...bright with the verdure of palm trees, adorn, like gems, the tremendous walls of the rocks. (28-29)
This example shows Radcliffe using a simile to embellish her descriptions of nature early in the novel, as Emily and her father journey through the Pyrenees mountains. Radcliffe is known for her elaborate descriptions of sublime landscapes, such as mountainous regions, and she creates characters who have a keen appreciation of beauty. The simile of green trees studding a rock face like gems serves several purposes in the novel. It shows that St. Aubert is a wealthy aristocrat, who has seen luxurious items like gemstones, but it also shows where he truly finds joy and places his values. For St. Aubert, features of the natural landscape such as trees and mountains are truly wondrous, and luxuries and worldly goods are unimportant. He passes this view down to his daughter: even though Emily is a beautiful young woman, she never shows any interest in gowns or jewels, and is only moved by natural beauty around her.
St. Aubert's Affection for Valancourt (Simile)
It is cheering and reviving, like the view of spring to a sick person, his mind catches somewhat of the spirit of the season, and his eyes are lighted up with the transient sunshine. Valancourt is this spring to me. (57)
St. Aubert uses this simile to describe his affection for Valancourt to Emily, and why he enjoys the company of the much younger man. Initially, St. Aubert bonds more with Valancourt than even Emily does, and this fondness is related to the fact that St. Aubert is sick and elderly, and knows that he is approaching the end of his life. St. Aubert compares the experience of spending time with a young man to how a sick patient would be revived by the change of seasons. Even if an individual is approaching the end of their life, the world continues to renew around them, as winter passes, and spring comes again. The change of seasons is a reminder that everything is cyclical, and renews itself eventually. Likewise, while St. Aubert's life is drawing to a close, for young men like Valancourt, life is just beginning. The simile may even subtly allude to St. Aubert's private hopes that Valancourt and Emily will eventually marry, and that in Valancourt, St. Aubert sees the prospective father of his future grandchildren and the continuation of his dynasty.
Speak as a Man (Simile)
Speak as becomes a man, not as the slave of a pretty tyrant. (200)
Montoni speaks this line in Venice, when he scolds Morano for the way he is wooing Emily. Montoni uses a simile in which Morano is a slave, and Emily is a powerful but presumably cruel master (tyrant). This simile reveals Montoni's view of gender relations and foreshadows the way he will behave towards his own wife and towards Emily. For Montoni, it is extremely important that a man assert dominance and control; he not only sees this as what he is entitled to, but he also thinks this is the way to charm a woman and get her to willingly submit. Morano's attempts to be more gentle and fawning with Emily disgust Montoni, and are viewed as a display of weakness. All of Montoni's ideas about relationships are framed through the lens of power and dominance, and if a man is not firmly in control, then the woman will seize power and become dominant. This simile shows that Montoni cannot conceive of a situation wherein two partners equitably share power and control.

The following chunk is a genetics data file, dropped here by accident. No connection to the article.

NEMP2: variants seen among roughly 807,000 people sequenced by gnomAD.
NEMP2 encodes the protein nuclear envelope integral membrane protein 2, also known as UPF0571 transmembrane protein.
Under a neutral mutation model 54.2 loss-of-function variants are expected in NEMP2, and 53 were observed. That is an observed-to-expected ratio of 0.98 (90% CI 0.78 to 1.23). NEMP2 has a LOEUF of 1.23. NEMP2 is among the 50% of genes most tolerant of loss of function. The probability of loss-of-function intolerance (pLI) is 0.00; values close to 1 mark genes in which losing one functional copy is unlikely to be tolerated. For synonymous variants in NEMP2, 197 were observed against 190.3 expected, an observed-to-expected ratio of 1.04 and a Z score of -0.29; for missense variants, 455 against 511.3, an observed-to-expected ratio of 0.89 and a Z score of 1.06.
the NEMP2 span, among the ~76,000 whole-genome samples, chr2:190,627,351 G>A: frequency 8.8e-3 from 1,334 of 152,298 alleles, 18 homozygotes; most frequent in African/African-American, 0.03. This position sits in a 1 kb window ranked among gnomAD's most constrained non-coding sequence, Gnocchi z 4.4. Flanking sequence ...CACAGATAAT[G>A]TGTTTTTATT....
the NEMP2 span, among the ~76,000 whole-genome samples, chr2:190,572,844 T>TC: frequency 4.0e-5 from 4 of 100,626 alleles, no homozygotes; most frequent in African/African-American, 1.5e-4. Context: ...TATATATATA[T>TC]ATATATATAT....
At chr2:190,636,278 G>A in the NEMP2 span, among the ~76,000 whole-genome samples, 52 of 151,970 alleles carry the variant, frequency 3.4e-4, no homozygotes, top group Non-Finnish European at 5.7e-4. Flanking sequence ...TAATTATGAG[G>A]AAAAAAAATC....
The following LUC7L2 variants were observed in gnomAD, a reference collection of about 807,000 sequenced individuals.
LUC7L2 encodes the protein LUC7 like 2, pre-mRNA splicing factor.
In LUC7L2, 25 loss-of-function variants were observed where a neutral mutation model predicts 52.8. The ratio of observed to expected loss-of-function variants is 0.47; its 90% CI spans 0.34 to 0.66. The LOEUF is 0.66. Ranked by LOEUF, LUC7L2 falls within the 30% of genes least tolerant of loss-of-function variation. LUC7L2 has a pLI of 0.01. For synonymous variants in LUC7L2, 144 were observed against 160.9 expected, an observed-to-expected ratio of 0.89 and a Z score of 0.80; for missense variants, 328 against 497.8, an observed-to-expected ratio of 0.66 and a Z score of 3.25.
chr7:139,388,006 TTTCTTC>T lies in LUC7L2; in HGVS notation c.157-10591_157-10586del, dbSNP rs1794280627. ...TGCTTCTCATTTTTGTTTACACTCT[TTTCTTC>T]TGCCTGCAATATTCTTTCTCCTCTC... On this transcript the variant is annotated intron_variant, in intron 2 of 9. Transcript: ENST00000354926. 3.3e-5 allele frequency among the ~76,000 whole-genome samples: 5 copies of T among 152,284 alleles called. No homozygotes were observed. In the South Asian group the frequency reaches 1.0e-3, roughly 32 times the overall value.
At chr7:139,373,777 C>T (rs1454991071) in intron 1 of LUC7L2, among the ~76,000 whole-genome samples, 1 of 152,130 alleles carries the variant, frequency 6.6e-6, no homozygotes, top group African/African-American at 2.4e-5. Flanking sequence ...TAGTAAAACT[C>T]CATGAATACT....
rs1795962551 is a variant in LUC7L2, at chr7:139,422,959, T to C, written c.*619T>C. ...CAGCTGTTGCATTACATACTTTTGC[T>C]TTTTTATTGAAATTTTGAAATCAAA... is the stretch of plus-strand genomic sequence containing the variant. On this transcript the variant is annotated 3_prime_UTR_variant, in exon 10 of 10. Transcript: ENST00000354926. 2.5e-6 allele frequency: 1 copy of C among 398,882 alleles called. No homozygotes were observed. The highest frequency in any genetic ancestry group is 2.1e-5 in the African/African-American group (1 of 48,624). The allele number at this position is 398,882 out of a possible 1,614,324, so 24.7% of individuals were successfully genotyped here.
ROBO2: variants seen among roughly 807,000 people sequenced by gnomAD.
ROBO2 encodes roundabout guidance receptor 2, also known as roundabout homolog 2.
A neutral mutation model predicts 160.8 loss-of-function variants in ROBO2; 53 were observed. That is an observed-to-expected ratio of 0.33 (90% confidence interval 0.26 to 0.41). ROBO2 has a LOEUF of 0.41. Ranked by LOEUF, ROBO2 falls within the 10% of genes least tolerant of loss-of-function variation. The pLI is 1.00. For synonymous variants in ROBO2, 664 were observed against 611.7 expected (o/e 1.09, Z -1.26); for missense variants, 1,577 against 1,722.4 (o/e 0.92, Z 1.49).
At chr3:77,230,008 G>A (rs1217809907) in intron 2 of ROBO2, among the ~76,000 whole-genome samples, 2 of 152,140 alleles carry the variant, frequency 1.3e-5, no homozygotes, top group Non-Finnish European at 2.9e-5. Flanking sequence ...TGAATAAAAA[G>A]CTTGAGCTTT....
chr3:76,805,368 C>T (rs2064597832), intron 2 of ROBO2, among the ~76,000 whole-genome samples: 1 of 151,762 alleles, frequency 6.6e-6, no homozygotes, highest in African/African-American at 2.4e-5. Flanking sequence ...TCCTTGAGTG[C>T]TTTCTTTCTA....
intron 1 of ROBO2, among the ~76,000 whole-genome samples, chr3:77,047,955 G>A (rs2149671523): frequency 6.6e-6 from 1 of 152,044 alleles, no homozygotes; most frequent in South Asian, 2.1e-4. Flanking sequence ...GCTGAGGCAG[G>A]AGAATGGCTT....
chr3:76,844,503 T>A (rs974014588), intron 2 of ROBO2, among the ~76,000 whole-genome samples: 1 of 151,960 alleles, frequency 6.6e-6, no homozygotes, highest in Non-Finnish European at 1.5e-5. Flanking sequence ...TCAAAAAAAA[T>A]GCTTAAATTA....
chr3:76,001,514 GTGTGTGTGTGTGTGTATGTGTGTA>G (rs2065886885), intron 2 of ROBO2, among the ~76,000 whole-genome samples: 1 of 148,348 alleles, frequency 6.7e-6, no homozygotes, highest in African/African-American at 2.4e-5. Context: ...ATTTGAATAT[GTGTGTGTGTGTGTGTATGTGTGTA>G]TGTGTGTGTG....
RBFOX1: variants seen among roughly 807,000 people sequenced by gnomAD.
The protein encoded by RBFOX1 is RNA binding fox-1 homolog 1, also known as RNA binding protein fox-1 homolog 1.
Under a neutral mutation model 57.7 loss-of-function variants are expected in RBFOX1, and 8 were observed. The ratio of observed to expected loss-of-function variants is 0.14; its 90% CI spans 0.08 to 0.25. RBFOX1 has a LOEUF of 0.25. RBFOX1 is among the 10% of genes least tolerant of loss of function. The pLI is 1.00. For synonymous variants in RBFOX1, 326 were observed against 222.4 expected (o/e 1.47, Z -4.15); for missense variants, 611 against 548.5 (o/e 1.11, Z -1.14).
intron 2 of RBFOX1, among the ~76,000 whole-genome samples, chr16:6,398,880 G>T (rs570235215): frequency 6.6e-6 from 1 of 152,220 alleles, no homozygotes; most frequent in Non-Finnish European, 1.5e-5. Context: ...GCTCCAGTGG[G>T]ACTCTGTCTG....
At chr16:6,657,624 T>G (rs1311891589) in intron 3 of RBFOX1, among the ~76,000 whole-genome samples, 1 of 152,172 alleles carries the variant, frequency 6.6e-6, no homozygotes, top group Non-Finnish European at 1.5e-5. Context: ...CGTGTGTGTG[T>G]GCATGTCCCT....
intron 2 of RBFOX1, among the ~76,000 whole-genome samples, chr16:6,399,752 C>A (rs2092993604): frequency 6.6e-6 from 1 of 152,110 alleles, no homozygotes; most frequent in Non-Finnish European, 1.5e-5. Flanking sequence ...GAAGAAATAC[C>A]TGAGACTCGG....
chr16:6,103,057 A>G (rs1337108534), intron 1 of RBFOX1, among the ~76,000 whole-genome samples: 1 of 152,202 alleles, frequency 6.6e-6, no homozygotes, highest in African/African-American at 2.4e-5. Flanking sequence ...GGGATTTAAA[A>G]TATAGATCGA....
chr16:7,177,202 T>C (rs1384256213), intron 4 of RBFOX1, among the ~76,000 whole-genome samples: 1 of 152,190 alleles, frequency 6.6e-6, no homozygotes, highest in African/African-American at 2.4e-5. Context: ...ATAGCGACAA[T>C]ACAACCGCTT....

Morano's Behavior (Simile)
...he stamped about the hall, like a madman, cursing Montoni and his own folly. (273)
This simile describes Morano's behavior when he learns that Montoni has reneged on their agreement and fled to Udolpho, taking Emily with him. Morano's rage and frustration is so extreme that he is comparable to someone who has gone insane. This simile allows Radcliffe to play with the stereotype of volatile, emotional Italians. Morano, like many of Montoni's other compatriots, reacts very strongly to emotions, and can quickly become violent and lash out. This behavior contrasts the values of thoughtful and measured actions espoused by French characters, especially St. Aubert. He cautions Emily to make sure her emotions never take control of her reason, which is an important caution in contrast to the emotional and irrational characters she will soon find herself surrounded by.
Montoni's Death (Simile)
...he had become a clod of earth, and his life was vanished like a shadow. (580)
This simile appears when Emily learns that Montoni has died. The simile compares Montoni to harmless and transitory things like earth and shadows, signaling that his power has been eliminated and he can no longer pose a threat to Emily and her happiness. Even after escaping from Udolpho, Emily has never felt entirely at ease, and has always been afraid that Montoni will somehow disrupt her life again. Given his almost outsized presence as the villain in the novel, the simile is important for showing that Montoni's presence completely dissipates. The simile is also important for connecting to one of the central themes of the novel: dark and possibly supernatural presences being dispelled when truth is revealed. Throughout the book, many frightening events end up getting resolved with matter-of-fact events (such as the smugglers hiding in the Chateau, or the wax figure behind the black veil). Likewise, Montoni's fate ends up being resolved in a very ordinary and matter-of-fact way: like all other humans, he dies and vanishes away.
The Mysteries of Udolpho Questions and Answers
The Question and Answer section for The Mysteries of Udolpho is a great
resource to ask questions, find answers, and discuss the novel.